- Signs of a mind in danger—including social deficits, impaired body sensations and reduced tolerance to stress—may show up anywhere from two months to 35 years before schizophrenia strikes.
- The prevalence of schizophrenia is 1.1 percent, but if a parent has the disorder, the child has a 10 to 12 percent increased risk and a 17.1 percent chance of developing a related personality disorder.
- Physical abuse, bullying by peers and ingesting cannabis can push a genetically vulnerable child toward psychosis.
From the moment he was handed to me in the delivery room, Alex, my firstborn, seemed not happy to be here. His eyes were bottomless, his expression grave. He spent his first three months writhing and screaming inconsolably, the word “colic” wholly insufficient to describe our collective suffering. It wasn’t until his brother, Sammy, arrived that I realized just how different Alex was compared with other babies. Sammy cried only when he was hungry or wet. He made easy eye contact and loved to be stroked, hugged and kissed—all the things Alex recoiled from as an infant.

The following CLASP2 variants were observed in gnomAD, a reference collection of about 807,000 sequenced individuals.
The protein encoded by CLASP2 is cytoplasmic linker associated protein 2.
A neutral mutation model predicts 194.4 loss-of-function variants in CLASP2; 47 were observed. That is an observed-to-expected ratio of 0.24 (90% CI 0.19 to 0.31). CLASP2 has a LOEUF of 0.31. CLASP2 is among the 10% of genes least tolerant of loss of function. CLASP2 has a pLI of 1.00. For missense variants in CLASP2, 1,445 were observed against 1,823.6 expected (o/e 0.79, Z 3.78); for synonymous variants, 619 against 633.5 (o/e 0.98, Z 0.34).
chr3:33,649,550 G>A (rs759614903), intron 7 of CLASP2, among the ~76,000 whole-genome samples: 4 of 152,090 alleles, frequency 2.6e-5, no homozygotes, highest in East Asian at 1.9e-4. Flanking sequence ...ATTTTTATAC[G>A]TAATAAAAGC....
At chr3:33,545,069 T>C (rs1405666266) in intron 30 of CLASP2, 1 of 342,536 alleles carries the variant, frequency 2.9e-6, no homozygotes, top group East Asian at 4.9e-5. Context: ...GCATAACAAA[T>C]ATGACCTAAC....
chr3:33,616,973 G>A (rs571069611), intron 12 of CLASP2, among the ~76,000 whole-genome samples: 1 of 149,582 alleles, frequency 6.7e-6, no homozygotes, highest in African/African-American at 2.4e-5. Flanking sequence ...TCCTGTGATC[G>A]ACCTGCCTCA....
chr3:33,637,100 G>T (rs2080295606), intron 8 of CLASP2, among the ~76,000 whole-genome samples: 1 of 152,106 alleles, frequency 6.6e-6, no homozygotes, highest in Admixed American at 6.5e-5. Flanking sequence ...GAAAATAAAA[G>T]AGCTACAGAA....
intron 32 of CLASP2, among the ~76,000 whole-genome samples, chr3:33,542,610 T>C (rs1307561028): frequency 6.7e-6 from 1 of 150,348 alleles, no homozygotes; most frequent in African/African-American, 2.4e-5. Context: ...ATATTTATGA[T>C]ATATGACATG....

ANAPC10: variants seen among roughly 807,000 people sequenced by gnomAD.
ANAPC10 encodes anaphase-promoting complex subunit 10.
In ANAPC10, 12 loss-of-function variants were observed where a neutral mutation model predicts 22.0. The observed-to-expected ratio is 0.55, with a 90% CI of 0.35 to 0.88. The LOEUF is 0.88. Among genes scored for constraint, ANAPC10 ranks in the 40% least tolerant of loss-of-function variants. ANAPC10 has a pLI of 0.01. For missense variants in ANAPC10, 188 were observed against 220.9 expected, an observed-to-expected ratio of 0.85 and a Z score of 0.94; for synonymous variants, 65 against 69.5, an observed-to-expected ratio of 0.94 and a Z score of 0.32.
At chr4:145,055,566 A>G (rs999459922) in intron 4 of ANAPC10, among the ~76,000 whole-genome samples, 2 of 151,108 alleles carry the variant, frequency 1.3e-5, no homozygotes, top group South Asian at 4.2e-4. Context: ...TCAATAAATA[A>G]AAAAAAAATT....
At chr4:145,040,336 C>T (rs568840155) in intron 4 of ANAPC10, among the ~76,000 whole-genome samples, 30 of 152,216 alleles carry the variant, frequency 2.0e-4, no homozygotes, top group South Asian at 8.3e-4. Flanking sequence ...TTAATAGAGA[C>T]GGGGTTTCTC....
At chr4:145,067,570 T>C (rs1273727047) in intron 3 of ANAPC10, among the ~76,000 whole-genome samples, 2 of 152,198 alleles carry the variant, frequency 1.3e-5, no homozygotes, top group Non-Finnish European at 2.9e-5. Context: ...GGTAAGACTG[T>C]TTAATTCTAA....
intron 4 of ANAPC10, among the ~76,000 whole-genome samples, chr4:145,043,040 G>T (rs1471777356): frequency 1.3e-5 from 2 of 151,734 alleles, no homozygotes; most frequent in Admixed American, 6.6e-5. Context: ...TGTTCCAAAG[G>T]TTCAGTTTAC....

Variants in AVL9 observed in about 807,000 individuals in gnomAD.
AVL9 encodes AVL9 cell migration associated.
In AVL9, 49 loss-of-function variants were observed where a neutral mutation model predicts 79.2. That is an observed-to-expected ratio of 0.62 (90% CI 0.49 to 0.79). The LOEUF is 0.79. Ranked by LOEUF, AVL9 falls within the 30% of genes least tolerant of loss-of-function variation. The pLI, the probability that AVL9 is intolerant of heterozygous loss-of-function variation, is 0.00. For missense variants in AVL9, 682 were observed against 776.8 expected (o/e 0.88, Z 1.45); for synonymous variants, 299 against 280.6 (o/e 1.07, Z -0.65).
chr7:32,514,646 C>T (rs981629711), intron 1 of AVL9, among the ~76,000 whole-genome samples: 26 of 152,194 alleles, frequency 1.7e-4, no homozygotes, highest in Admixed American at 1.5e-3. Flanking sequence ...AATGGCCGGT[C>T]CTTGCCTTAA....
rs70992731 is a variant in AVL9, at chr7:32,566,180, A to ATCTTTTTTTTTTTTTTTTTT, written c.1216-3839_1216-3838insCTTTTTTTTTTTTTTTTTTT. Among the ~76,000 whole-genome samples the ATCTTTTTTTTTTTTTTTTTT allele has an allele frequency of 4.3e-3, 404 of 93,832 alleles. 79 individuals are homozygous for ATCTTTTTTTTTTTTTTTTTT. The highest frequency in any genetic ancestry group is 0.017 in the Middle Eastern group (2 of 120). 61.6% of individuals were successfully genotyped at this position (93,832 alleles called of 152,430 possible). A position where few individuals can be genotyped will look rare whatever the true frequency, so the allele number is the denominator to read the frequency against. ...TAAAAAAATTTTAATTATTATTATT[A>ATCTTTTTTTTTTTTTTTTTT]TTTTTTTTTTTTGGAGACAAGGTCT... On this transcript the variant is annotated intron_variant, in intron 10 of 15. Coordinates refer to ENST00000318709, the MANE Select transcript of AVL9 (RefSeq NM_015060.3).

Later, when I took Alex to playgroups, he crawled away from the other toddlers to do his own thing, so we quit going. It wasn’t that Alex appeared unhappy. He would sometimes sit and smile with satisfaction for no apparent reason. At age two and three, Alex attended a Montessori preschool. Although he enjoyed the hands-on activities, his teachers often commented that he usually ignored them as well as the other children. His first grade teacher thought he must be hard of hearing because he routinely ignored her directions, especially the daily reading and writing drills she assigned. In one of the first studies ever done with families afflicted with schizophrenia, the Edinburgh High Risk Study, Scottish mothers commonly described children who went on to develop the disorder as occupying a world of their own.